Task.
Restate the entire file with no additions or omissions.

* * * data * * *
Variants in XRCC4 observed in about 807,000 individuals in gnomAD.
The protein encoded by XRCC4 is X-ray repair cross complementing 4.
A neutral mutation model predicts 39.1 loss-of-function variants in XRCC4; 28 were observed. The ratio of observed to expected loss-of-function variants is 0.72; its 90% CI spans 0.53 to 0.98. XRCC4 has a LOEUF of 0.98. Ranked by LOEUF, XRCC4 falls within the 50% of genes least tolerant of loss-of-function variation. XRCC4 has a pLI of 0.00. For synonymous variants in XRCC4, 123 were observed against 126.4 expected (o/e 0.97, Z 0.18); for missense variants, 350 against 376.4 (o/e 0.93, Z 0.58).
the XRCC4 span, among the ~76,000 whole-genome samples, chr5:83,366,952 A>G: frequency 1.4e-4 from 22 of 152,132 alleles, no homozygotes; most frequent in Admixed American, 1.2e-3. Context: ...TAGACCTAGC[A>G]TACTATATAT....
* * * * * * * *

Variants in XRCC4 observed in about 807,000 individuals in gnomAD.
The protein encoded by XRCC4 is X-ray repair cross complementing 4.
A neutral mutation model predicts 39.1 loss-of-function variants in XRCC4; 28 were observed. The ratio of observed to expected loss-of-function variants is 0.72; its 90% CI spans 0.53 to 0.98. XRCC4 has a LOEUF of 0.98. Ranked by LOEUF, XRCC4 falls within the 50% of genes least tolerant of loss-of-function variation. XRCC4 has a pLI of 0.00. For synonymous variants in XRCC4, 123 were observed against 126.4 expected (o/e 0.97, Z 0.18); for missense variants, 350 against 376.4 (o/e 0.93, Z 0.58).
the XRCC4 span, among the ~76,000 whole-genome samples, chr5:83,366,952 A>G: frequency 1.4e-4 from 22 of 152,132 alleles, no homozygotes; most frequent in Admixed American, 1.2e-3. Context: ...TAGACCTAGC[A>G]TACTATATAT....